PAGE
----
You should also check your credit, as a good credit score will help you qualify for the better plastic on the market. You can view two of your credit scores, updated each month, on Credit.com.

Note: It’s important to remember that interest rates, fees and terms for credit cards, loans and other financial products frequently change. As a result, rates, fees and terms for credit cards, loans and other financial products cited in these articles may have changed since the date of publication. Please be sure to verify current rates, fees and terms with credit card issuers, banks or other financial institutions directly.

At publishing time, the Platinum Card From American Expressthe Expedia + Voyager Card from CitiCiti Prestige Card and Citi/AAdvantage Executive World Elite MasterCard cards are offered through Credit.com product pages, and Credit.com is compensated if our users apply and ultimately sign up for this card. However, this relationship does not result in any preferential editorial treatment.

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Image: Jodi Jacobson

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This Is One Time You Want a Screaming Baby On Your Plane

crying_baby

When is a crying baby on a plane a welcome addition? When the airline offers free flights to everyone onboard if the baby does just enough crying.

JetBlue sent a shoutout to parents everywhere, but especially moms, with a Mother’s Day message meant to soothe the frustrations of flying with a cranky baby.

The New York-based airline released a video on Monday of a flight from JFK to Long Beach, California, where several babies were being given the opportunity to cry their hearts out. If they cried enough, everyone onboard would receive a free roundtrip ticket. The babies came through, with everyone onboard cheering.

“In honor of Mother’s Day, we are giving everyone a reason to smile every time a baby cries,” the airline wrote on its YouTube channel, where it posted the video, which you can also see below.

Crying babies on a plane are a minor annoyance compared to some of the other headaches travel can produce, like a lost or stolen credit card, lost luggage, unexpected airline fees and missed connections. You can help smooth your way through some of these hassles, though, by using one of the best travel rewards credit cards when booking your flight and hotel and paying for incidentals.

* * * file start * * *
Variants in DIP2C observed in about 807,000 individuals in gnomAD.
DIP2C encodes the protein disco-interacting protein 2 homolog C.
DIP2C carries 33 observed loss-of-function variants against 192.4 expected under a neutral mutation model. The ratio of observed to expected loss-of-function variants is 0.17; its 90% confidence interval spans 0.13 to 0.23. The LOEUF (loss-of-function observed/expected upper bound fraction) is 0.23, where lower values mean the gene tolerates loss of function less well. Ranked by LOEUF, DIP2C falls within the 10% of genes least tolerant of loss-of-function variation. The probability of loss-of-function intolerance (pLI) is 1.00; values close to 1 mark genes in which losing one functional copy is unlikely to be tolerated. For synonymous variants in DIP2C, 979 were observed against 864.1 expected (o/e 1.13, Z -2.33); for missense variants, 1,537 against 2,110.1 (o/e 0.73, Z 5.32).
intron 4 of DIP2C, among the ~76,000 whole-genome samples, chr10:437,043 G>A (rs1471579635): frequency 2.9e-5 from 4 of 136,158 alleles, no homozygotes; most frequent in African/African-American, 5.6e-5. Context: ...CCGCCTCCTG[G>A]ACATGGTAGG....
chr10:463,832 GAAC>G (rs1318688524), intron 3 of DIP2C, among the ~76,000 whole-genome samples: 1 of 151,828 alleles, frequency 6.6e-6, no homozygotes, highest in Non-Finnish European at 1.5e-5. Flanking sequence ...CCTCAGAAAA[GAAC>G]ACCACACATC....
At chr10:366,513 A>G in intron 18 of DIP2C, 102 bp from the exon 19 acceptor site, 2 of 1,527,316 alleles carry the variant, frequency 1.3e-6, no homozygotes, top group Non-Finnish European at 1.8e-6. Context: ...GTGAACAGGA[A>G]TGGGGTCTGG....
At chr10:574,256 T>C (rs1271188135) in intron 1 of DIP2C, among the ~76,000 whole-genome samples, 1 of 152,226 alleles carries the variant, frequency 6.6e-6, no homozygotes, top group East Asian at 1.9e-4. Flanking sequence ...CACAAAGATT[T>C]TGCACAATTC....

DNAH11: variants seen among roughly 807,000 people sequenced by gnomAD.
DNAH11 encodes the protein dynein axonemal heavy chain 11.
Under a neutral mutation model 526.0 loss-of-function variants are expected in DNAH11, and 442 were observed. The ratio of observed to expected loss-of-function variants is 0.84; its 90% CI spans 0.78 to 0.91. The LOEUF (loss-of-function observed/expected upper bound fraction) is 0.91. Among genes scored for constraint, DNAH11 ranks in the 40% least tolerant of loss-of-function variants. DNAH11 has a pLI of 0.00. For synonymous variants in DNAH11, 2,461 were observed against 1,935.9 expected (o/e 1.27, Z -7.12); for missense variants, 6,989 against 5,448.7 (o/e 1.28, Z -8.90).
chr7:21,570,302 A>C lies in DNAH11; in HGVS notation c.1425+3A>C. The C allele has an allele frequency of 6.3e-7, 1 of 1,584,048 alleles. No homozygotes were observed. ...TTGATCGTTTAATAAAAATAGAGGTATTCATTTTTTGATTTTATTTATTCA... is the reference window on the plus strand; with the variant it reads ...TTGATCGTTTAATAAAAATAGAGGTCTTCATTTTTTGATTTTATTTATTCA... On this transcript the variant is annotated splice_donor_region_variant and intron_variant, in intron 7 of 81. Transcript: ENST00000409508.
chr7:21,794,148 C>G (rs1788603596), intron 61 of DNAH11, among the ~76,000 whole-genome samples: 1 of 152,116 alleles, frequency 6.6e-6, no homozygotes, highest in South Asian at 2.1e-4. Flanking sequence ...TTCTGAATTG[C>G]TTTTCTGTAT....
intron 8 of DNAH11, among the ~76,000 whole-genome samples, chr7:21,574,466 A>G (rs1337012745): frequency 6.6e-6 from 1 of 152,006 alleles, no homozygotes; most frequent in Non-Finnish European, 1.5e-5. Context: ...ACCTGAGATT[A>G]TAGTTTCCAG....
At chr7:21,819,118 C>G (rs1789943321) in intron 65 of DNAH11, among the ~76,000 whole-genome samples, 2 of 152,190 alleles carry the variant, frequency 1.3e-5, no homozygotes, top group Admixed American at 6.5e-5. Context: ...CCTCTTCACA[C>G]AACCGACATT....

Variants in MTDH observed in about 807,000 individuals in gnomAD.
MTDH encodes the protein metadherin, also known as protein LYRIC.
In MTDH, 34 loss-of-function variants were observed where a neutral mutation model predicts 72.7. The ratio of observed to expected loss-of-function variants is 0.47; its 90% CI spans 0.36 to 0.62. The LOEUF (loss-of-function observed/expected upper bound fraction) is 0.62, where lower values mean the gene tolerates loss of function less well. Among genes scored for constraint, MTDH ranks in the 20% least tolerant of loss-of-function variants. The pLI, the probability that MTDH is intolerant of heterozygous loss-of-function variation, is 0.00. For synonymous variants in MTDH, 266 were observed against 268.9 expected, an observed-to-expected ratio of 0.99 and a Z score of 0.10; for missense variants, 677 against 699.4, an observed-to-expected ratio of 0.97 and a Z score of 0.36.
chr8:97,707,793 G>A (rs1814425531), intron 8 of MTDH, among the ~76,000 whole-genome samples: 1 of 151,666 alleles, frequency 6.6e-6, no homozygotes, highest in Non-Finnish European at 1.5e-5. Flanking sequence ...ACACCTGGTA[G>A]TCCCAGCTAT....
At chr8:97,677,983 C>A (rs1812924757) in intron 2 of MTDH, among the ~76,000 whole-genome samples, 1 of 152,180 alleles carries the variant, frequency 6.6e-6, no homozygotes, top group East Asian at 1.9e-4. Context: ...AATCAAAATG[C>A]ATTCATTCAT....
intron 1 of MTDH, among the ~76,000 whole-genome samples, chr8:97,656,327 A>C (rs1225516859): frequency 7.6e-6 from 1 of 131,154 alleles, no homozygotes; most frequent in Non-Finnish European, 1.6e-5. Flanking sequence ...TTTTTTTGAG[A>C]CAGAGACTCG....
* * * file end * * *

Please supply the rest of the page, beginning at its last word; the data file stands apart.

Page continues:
Which credit card you use to pay for your travels will make a big difference in the rewards you earn. For example, the Chase Sapphire Preferred ($95 annual fee that is waived the first year; you can see a full review here.) offers double points on all travel purchases, while the American Express Premier Rewards Gold ($175 annual fee, waived the first year; you can see a full review here.) offers triple points for all flights booked directly with the airlines. (The latter is actually a charge card, which must be paid in full each month.)

Before you apply for any credit card, it’s important to do your research and make sure the card will meet your needs, and that you meet the issuer’s general credit requirements. You can get two of your credit scores for free on Credit.com to see where you stand, and to get personalized tips to help you improve your credit.

At publishing time, Chase and American Express credit cards, including the Premier Rewards Gold, are offered through Credit.com product pages, and Credit.com is compensated if our users apply and ultimately sign up for these cards. However, this relationship does not result in any preferential editorial treatment.

Note: It’s important to remember that interest rates, fees and terms for credit cards, loans and other financial products frequently change. As a result, rates, fees and terms for credit cards, loans and other financial products cited in these articles may have changed since the date of publication. Please be sure to verify current rates, fees and terms with credit card issuers, banks or other financial institutions directly.

More on Credit Cards:

Image: Bojan Sokolovic

The post This Is One Time You Want a Screaming Baby On Your Plane appeared first on Credit.com.